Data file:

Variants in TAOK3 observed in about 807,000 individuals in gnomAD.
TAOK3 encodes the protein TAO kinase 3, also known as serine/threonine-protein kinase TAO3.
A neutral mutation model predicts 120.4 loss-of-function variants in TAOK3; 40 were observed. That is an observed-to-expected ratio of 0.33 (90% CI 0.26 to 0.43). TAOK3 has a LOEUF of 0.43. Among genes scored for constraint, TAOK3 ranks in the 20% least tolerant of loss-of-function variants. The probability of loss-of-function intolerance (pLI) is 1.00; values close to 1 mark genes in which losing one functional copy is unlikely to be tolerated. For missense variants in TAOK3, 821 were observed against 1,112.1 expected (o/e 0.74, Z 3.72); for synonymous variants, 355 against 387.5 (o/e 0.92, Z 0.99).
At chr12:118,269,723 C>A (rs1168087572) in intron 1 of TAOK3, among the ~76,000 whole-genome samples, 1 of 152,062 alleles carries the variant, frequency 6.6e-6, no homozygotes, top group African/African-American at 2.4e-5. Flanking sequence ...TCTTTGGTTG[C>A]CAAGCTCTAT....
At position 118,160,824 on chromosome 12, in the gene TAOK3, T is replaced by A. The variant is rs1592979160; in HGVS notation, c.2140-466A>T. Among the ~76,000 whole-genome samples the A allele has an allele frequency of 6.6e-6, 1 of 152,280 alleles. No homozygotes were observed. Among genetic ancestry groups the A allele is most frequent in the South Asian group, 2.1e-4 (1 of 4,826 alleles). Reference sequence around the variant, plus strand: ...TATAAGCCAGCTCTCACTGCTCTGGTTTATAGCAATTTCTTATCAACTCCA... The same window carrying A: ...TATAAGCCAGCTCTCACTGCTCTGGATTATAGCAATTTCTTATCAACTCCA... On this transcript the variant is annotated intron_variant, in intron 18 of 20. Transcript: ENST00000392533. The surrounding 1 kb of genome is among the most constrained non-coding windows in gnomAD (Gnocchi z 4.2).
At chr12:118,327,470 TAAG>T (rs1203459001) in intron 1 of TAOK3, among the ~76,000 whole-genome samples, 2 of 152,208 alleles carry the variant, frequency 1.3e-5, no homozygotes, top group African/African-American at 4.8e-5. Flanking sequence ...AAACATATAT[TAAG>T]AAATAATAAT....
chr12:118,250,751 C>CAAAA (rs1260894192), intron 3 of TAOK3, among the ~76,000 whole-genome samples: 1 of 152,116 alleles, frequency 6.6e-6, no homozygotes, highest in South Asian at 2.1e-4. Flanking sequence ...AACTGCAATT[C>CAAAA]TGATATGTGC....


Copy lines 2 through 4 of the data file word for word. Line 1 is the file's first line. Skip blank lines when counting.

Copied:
TAOK3 encodes the protein TAO kinase 3, also known as serine/threonine-protein kinase TAO3.
A neutral mutation model predicts 120.4 loss-of-function variants in TAOK3; 40 were observed. That is an observed-to-expected ratio of 0.33 (90% CI 0.26 to 0.43). TAOK3 has a LOEUF of 0.43. Among genes scored for constraint, TAOK3 ranks in the 20% least tolerant of loss-of-function variants. The probability of loss-of-function intolerance (pLI) is 1.00; values close to 1 mark genes in which losing one functional copy is unlikely to be tolerated. For missense variants in TAOK3, 821 were observed against 1,112.1 expected (o/e 0.74, Z 3.72); for synonymous variants, 355 against 387.5 (o/e 0.92, Z 0.99).
At chr12:118,269,723 C>A (rs1168087572) in intron 1 of TAOK3, among the ~76,000 whole-genome samples, 1 of 152,062 alleles carries the variant, frequency 6.6e-6, no homozygotes, top group African/African-American at 2.4e-5. Flanking sequence ...TCTTTGGTTG[C>A]CAAGCTCTAT....